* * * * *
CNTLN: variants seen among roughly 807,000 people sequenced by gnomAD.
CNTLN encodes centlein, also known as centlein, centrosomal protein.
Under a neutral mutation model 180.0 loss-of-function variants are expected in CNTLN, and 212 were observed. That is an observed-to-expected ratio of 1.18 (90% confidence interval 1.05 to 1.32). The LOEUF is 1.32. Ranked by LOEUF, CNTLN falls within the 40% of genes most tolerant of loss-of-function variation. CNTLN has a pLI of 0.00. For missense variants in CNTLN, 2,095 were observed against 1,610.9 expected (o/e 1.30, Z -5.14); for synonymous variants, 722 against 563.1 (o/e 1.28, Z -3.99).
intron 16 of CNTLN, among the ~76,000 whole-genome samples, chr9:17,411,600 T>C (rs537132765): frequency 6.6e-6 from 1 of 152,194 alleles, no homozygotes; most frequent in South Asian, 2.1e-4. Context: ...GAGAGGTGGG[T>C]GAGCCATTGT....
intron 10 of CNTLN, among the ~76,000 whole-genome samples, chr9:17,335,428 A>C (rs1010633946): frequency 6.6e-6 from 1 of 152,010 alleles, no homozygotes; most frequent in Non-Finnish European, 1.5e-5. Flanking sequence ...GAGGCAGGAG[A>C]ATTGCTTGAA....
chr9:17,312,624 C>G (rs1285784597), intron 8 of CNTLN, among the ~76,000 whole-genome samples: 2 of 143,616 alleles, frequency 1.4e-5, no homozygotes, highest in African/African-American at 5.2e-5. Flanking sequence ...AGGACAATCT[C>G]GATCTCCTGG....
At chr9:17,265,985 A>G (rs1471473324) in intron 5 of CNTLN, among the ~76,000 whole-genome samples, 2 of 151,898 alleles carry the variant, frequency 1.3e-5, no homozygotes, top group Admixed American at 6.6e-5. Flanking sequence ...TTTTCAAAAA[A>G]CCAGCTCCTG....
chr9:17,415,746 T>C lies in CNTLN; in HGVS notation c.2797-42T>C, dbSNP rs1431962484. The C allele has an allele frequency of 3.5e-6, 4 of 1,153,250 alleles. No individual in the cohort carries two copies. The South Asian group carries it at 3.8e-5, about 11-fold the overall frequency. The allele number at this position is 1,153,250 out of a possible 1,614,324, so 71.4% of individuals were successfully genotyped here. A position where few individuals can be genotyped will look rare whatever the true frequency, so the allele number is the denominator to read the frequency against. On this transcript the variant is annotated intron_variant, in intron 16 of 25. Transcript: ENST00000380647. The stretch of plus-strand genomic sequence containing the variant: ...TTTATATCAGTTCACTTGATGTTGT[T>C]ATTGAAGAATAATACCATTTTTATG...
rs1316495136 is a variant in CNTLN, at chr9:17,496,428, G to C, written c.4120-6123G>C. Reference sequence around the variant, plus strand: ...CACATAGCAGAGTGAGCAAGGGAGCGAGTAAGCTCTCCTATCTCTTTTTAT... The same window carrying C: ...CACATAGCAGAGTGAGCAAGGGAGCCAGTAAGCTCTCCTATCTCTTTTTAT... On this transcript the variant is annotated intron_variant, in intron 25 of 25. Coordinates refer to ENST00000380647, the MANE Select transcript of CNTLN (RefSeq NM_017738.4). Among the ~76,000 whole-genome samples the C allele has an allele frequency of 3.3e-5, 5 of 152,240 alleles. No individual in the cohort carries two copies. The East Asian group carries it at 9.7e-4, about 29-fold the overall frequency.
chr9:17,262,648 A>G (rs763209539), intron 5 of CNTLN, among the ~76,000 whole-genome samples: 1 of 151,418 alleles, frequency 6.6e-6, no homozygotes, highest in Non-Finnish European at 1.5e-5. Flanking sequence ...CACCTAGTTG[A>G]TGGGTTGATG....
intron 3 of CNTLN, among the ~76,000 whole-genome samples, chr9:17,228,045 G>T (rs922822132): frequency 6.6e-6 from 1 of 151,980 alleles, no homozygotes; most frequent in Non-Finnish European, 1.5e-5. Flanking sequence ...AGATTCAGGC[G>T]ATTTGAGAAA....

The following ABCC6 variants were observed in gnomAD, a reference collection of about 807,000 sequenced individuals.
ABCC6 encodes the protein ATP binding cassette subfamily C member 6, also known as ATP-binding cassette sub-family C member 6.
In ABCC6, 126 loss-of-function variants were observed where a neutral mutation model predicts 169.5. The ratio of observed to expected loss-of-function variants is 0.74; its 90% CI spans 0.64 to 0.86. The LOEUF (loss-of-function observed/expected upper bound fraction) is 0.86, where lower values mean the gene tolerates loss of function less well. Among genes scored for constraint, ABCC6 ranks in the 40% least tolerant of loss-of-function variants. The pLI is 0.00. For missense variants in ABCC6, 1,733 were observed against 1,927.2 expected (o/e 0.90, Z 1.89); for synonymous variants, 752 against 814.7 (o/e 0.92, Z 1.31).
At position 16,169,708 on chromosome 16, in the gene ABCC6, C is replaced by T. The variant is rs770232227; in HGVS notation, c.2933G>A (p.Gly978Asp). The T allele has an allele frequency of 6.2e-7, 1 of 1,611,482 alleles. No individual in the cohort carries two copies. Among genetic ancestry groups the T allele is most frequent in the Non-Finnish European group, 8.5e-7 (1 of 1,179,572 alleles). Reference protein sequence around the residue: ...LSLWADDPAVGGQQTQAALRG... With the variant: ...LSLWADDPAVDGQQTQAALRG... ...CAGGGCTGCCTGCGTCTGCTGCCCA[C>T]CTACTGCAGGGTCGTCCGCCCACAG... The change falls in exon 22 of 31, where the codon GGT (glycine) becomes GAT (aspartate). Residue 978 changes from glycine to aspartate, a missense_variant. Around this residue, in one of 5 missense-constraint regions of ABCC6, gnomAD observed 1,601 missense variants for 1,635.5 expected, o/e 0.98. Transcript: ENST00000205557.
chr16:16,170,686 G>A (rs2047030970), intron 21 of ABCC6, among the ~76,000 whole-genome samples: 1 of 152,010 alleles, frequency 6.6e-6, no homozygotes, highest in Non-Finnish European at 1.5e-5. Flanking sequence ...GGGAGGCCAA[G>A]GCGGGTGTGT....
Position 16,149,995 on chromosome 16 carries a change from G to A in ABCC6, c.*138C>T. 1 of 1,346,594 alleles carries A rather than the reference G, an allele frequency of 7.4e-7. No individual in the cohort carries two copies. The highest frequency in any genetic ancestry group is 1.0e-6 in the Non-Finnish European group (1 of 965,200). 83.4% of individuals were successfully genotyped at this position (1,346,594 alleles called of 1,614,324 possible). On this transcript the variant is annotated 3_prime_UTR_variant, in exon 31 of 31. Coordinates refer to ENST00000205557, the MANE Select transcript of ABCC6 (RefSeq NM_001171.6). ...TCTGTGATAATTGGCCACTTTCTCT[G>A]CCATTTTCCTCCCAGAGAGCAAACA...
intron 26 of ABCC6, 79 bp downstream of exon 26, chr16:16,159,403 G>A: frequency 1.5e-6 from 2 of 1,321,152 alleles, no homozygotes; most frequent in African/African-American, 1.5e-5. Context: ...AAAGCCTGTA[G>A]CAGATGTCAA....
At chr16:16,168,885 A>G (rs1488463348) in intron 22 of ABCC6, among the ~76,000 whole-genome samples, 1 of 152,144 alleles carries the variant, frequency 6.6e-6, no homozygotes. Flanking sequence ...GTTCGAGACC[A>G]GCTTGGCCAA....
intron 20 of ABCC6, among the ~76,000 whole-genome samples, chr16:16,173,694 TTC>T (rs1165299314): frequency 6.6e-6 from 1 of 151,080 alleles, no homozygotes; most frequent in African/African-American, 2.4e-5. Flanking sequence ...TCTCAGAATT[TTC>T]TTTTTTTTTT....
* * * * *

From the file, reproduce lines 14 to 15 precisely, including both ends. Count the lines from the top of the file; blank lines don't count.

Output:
In ABCC6, 126 loss-of-function variants were observed where a neutral mutation model predicts 169.5. The ratio of observed to expected loss-of-function variants is 0.74; its 90% CI spans 0.64 to 0.86. The LOEUF (loss-of-function observed/expected upper bound fraction) is 0.86, where lower values mean the gene tolerates loss of function less well. Among genes scored for constraint, ABCC6 ranks in the 40% least tolerant of loss-of-function variants. The pLI is 0.00. For missense variants in ABCC6, 1,733 were observed against 1,927.2 expected (o/e 0.90, Z 1.89); for synonymous variants, 752 against 814.7 (o/e 0.92, Z 1.31).
At position 16,169,708 on chromosome 16, in the gene ABCC6, C is replaced by T. The variant is rs770232227; in HGVS notation, c.2933G>A (p.Gly978Asp). The T allele has an allele frequency of 6.2e-7, 1 of 1,611,482 alleles. No individual in the cohort carries two copies. Among genetic ancestry groups the T allele is most frequent in the Non-Finnish European group, 8.5e-7 (1 of 1,179,572 alleles). Reference protein sequence around the residue: ...LSLWADDPAVGGQQTQAALRG... With the variant: ...LSLWADDPAVDGQQTQAALRG... ...CAGGGCTGCCTGCGTCTGCTGCCCA[C>T]CTACTGCAGGGTCGTCCGCCCACAG... The change falls in exon 22 of 31, where the codon GGT (glycine) becomes GAT (aspartate). Residue 978 changes from glycine to aspartate, a missense_variant. Around this residue, in one of 5 missense-constraint regions of ABCC6, gnomAD observed 1,601 missense variants for 1,635.5 expected, o/e 0.98. Transcript: ENST00000205557.